NEW - Vedic/Hindu Calendar for 2013

NEW - Vedic/Hindu Calendar for 2013
Shri Ramapir Mandir/Temple in Islamic Republic of Pakistan

Friday, March 5, 2010

Ancient Traditions Alive, For Now, at the Kadavallur Sri Rama Temple , INDIA

March 05,2010
KERALA, INDIA, February 24, 2010: Kadavallur is a small village in Thrissur district of Kerala, where an age old Sri Rama temple shines as a perfect example of all traditions of Kerala. The existence of this temple the 10th-11th century is attested by a Vattezhuthu record inscribed on a stone on the base of the enclosure. Like all temples of Kerala the main tower is of the sloping roof variety with two enclosures and an impressive entrance tower.

The main deity made of stone inside the sanctum is a four-armed Vishnu who is worshipped as Sri Rama as in many other Kerala temples. Encircling the main shrine is a tiled enclosure with an entrance having two wings, one on the South is important as it is called Koothambalam, the one on the other side is where spectators sit. At the rear-end of the Koothambalam is placed a huge pot-drum (Kuda-mizha) on a wooden pedestal. It resembles many such drums portrayed in all the famous murals of the region, figured in the scenes of Dancing Siva, the player being Nandikesvara, who learned dance from Siva.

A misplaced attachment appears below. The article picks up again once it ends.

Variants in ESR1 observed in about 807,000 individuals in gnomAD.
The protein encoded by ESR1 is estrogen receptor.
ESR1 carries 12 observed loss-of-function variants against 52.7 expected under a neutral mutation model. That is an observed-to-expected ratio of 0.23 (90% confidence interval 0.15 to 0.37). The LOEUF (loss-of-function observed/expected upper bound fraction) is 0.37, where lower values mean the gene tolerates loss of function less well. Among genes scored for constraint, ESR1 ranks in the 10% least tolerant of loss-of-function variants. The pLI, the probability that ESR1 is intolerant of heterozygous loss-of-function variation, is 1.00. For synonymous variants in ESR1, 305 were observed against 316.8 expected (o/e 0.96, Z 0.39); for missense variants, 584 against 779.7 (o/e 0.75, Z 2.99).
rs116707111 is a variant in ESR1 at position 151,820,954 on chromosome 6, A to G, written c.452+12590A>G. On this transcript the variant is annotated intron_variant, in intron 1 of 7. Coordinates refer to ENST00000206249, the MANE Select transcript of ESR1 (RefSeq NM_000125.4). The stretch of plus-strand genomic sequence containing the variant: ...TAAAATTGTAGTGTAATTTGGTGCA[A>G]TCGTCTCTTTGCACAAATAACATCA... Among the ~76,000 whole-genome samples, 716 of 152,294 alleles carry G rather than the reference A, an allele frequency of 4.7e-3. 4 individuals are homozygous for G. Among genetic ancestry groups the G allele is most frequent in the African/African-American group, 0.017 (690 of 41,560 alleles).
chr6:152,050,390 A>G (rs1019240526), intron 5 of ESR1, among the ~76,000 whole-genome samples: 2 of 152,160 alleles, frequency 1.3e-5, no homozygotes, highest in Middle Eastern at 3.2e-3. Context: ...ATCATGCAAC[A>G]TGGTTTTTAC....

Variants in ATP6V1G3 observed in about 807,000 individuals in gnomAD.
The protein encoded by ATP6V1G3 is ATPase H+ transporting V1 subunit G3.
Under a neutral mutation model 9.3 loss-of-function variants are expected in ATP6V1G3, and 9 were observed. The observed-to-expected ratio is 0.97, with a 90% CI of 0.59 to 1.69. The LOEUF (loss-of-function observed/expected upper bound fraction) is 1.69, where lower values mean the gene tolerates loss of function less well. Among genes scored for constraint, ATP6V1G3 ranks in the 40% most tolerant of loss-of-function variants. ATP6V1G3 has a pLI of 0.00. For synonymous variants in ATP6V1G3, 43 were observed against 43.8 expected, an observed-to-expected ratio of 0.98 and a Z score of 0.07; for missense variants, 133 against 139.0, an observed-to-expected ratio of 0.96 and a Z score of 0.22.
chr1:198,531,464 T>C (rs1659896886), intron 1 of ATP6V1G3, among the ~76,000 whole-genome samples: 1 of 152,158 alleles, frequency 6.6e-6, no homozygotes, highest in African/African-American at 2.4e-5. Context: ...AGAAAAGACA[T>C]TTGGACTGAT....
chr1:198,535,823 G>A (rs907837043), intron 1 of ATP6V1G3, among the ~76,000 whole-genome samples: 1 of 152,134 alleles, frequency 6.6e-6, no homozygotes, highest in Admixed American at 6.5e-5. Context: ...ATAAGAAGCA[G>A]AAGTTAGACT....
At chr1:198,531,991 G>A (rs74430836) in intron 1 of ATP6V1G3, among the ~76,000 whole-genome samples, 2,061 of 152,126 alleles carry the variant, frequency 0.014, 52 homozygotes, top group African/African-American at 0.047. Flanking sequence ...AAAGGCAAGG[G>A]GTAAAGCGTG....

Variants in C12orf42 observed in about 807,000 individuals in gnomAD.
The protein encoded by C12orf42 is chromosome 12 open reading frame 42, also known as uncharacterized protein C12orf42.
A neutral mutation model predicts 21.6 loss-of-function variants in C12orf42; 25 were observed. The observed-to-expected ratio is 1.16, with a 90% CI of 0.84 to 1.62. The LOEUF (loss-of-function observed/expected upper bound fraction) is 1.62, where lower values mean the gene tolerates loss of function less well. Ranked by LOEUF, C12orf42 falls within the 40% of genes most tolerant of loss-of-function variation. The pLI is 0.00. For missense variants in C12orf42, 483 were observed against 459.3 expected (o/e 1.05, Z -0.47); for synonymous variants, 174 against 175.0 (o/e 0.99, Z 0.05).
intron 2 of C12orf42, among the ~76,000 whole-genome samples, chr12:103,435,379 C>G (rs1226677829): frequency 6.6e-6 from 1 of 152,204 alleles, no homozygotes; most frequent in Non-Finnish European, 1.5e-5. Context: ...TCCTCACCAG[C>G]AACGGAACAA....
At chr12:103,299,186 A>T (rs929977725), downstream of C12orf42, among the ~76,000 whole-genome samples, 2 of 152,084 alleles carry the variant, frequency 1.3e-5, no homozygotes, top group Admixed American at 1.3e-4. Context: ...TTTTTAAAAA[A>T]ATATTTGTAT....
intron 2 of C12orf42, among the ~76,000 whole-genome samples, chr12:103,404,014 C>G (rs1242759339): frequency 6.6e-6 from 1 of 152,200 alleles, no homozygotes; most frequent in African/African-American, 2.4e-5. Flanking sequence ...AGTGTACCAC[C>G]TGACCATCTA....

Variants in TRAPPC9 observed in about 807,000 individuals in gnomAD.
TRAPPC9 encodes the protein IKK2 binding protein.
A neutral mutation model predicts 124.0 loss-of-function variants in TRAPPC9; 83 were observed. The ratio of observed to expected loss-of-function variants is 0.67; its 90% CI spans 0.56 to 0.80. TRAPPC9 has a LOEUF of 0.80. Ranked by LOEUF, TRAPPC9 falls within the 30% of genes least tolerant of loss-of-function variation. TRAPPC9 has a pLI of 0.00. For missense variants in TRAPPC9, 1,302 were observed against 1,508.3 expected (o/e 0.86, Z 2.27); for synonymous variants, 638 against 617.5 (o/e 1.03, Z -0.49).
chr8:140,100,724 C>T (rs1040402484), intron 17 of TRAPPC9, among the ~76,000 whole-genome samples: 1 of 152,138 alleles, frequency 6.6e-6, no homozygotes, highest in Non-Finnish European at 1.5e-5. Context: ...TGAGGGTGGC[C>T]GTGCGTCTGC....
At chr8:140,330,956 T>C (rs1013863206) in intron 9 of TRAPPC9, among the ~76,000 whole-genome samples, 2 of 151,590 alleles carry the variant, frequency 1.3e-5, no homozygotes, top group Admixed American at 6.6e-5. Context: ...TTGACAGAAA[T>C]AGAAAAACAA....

The temple was also the repository of a rare tradition of Vedic learning. Vedic experts belonging to two schools called Yogams (Thirunavay yogam and Thrissur yogam) meet for ten days annually in the temple, and examine each other by challenging them to recite from any part of the entire Veda which they chose. It is not mere reciting the hymns from memory but splitting the words of the texts in order, without mistake for nearly one hour. After one party finishes the other party challenges them by giving another part. It is a remarkable test called “Anyonyam.” A challenge to the command over the whole Vedas and precision with which they learnt them, it is nearly a 4,000-year old tradition that has survived only here in the whole of India.

Unfortunately this unique system now faces extinction. It has not attracted the attention of UNESCO which has taken measures to preserve Buddhist oral chanting. Out of the two surviving schools one has been closed down and the other at Thrissur is managing to survive. However, the Temple remains serene as the worship starts very early morning at 4 a.m. where men, women, and children throng to the temple after early bath in local temple tank to witness the morning puja. In the morning ritual called “Sri Bali” the decorated temple elephant leads the procession to the music of the Panchavadya.

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